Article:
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    Quote by A.J. Zawadzki View Post
    Hi jisaak, and welcome.

    This soldier served in the Polish 2nd Corps, which fought alongside the Allies in the Mediterranean theater during WW2.

    On the left are a couple of “hat eagles”. The one on top is manufactured by Lorioli of Milan, Italy. It should have a maker-marked spinner on a threaded post.

    Moving clockwise are a pair of khaki drill uniform shoulder flashes.. These were suspended from the shoulder straps. The one of the left is actually the right side flash displaying the British 8th Army shield, an honorary bestowal to the Poles following their participation in the victory at the Battle Of Monte Cassino in May 1944. Next up is left side flash bearing the “syrenka” (mermaid of Warsaw) shield on blue background denoting 2nd Corps Base service.

    Then we have a pair of shoulder titles, with these ones being of Palestinian manufacture.

    Below are a pair of collar pennons in red/yellow for Military Police. Lorioli was also a producer of these, and these should have maker marked spinners of the same type as the eagle badge mentioned earlier.

    Continuing clockwise are British 8th Army shields (one sitting upside down), and then a printed 2nd Corps insignia followed by a bullion thread version.

    The German issue dog tag suggest that your daughter-in-law’s grandfather was a POW. Many Poles freed from German captivity in 1945 enlisted in the Polish 2nd Corps Stationed in Italy. My father has a similar story, although he was a forced labourer deported from Poland in 1941.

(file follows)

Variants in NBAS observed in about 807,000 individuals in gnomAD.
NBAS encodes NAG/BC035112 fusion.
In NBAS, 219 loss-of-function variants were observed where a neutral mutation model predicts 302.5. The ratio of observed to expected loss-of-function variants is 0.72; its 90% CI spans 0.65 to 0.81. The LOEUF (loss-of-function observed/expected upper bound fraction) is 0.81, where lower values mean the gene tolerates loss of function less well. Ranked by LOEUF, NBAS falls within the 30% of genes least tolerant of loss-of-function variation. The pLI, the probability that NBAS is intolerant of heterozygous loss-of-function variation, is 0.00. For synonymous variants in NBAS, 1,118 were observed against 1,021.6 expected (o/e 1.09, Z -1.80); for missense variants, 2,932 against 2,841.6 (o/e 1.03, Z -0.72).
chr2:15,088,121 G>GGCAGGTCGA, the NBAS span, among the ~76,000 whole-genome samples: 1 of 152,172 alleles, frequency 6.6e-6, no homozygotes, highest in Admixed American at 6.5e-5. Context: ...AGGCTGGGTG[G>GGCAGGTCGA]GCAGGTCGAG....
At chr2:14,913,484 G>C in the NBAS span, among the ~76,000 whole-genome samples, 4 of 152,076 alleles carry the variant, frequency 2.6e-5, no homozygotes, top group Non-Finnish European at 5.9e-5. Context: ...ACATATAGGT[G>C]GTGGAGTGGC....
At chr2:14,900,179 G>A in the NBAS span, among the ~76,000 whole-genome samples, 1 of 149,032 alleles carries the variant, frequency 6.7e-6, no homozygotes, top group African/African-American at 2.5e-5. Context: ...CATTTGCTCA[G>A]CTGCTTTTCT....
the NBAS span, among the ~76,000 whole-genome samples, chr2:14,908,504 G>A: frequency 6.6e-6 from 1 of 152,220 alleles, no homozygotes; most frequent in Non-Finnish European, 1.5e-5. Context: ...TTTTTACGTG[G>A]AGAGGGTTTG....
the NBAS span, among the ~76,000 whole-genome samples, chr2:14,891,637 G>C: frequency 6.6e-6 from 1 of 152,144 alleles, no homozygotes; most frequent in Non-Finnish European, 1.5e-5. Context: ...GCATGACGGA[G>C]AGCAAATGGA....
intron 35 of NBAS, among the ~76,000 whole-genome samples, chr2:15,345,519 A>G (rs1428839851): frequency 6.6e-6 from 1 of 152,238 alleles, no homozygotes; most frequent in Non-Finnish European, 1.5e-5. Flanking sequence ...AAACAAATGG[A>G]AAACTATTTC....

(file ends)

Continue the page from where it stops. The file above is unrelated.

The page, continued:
Hope that helps. Thanks for sharing these with us. Cheers,
    Tony
    Many thanks Tony! This is great info, as like many veterans, the family never knew much about his service.
    The Military Police pennons tie in with a photograph that we have that show the main gate of a camp with a large sign that I make out as "17 SZWADR ZANDARMERII"...which I believe indicated Military Police. Possibly this was his unit.
    From the dog tag, is there any way of knowing where he was held as a POW? I noticed on the forced labour forum pages, on page 8 or 9, that there was a dog tag very similar with the b crossed out and a capital A beside...I was wondering if the A denoted a camp?
    We do know that he ended up in England after the war, married shortly thereafter and then came to Canada in the early 1950's. We know little of him or his bride, with regards to what area of Poland they originated from. These badges and dog tags were recently discovered in some old boxes in a basement that nobody has looked through in 30+ years....the puzzle continues

    Once again many thanks!
    jim

  7. #7

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    Jim,

    Yes, the A denotes a Camp. A transititional POW Camp, a Camp where POW's were sent initially to be held and processed, before being sent to different Camps.

    One Dulag, number 121 was the Pruszkow Camp where they sent people after the Warsaw Uprising. Dulag is short in Polish for the german " Durchgangs Lager.

    The number 675 is his Prisoner number.
    NIE ZAPOMNIJMY O KRESACH.

  8. #8

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    Quote by Krakow1 View Post
    Jim,

    Yes, the A denotes a Camp. A transititional POW Camp, a Camp where POW's were sent initially to be held and processed, before being sent to different Camps.

    One Dulag, number 121 was the Pruszkow Camp where they sent people after the Warsaw Uprising. Dulag is short in Polish for the german " Durchgangs Lager.

    The number 675 is his Prisoner number.
    Thanks Krakow!